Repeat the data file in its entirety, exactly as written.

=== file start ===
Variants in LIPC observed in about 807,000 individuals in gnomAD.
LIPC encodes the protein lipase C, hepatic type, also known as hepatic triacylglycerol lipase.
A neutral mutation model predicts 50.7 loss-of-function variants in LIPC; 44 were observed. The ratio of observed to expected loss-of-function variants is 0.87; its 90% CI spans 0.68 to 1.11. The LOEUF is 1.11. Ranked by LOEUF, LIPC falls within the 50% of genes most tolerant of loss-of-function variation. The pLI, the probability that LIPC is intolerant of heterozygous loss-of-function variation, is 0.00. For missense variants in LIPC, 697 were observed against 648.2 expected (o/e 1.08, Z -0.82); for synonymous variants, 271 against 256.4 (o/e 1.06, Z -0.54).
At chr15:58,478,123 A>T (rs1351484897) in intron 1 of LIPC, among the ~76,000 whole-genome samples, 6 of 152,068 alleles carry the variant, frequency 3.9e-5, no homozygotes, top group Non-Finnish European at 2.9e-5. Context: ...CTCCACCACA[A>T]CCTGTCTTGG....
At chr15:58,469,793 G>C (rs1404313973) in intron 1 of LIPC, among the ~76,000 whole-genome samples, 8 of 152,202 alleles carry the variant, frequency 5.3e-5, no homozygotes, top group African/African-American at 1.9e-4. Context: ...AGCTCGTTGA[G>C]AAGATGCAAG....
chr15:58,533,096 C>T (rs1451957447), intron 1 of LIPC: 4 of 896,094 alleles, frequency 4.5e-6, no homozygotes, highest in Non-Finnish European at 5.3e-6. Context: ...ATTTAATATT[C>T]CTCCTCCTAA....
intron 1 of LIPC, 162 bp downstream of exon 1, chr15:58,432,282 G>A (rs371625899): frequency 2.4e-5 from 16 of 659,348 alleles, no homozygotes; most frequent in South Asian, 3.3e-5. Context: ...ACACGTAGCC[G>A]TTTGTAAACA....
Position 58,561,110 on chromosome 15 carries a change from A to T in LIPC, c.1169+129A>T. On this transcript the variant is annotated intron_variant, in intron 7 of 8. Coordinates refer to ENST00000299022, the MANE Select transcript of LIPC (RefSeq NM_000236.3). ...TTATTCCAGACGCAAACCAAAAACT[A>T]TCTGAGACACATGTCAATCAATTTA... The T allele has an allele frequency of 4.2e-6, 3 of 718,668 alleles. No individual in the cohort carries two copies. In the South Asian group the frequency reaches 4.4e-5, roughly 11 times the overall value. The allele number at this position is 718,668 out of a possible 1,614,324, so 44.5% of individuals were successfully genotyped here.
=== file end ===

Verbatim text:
Variants in LIPC observed in about 807,000 individuals in gnomAD.
LIPC encodes the protein lipase C, hepatic type, also known as hepatic triacylglycerol lipase.
A neutral mutation model predicts 50.7 loss-of-function variants in LIPC; 44 were observed. The ratio of observed to expected loss-of-function variants is 0.87; its 90% CI spans 0.68 to 1.11. The LOEUF is 1.11. Ranked by LOEUF, LIPC falls within the 50% of genes most tolerant of loss-of-function variation. The pLI, the probability that LIPC is intolerant of heterozygous loss-of-function variation, is 0.00. For missense variants in LIPC, 697 were observed against 648.2 expected (o/e 1.08, Z -0.82); for synonymous variants, 271 against 256.4 (o/e 1.06, Z -0.54).
At chr15:58,478,123 A>T (rs1351484897) in intron 1 of LIPC, among the ~76,000 whole-genome samples, 6 of 152,068 alleles carry the variant, frequency 3.9e-5, no homozygotes, top group Non-Finnish European at 2.9e-5. Context: ...CTCCACCACA[A>T]CCTGTCTTGG....
At chr15:58,469,793 G>C (rs1404313973) in intron 1 of LIPC, among the ~76,000 whole-genome samples, 8 of 152,202 alleles carry the variant, frequency 5.3e-5, no homozygotes, top group African/African-American at 1.9e-4. Context: ...AGCTCGTTGA[G>C]AAGATGCAAG....
chr15:58,533,096 C>T (rs1451957447), intron 1 of LIPC: 4 of 896,094 alleles, frequency 4.5e-6, no homozygotes, highest in Non-Finnish European at 5.3e-6. Context: ...ATTTAATATT[C>T]CTCCTCCTAA....
intron 1 of LIPC, 162 bp downstream of exon 1, chr15:58,432,282 G>A (rs371625899): frequency 2.4e-5 from 16 of 659,348 alleles, no homozygotes; most frequent in South Asian, 3.3e-5. Context: ...ACACGTAGCC[G>A]TTTGTAAACA....
Position 58,561,110 on chromosome 15 carries a change from A to T in LIPC, c.1169+129A>T. On this transcript the variant is annotated intron_variant, in intron 7 of 8. Coordinates refer to ENST00000299022, the MANE Select transcript of LIPC (RefSeq NM_000236.3). ...TTATTCCAGACGCAAACCAAAAACT[A>T]TCTGAGACACATGTCAATCAATTTA... The T allele has an allele frequency of 4.2e-6, 3 of 718,668 alleles. No individual in the cohort carries two copies. In the South Asian group the frequency reaches 4.4e-5, roughly 11 times the overall value. The allele number at this position is 718,668 out of a possible 1,614,324, so 44.5% of individuals were successfully genotyped here.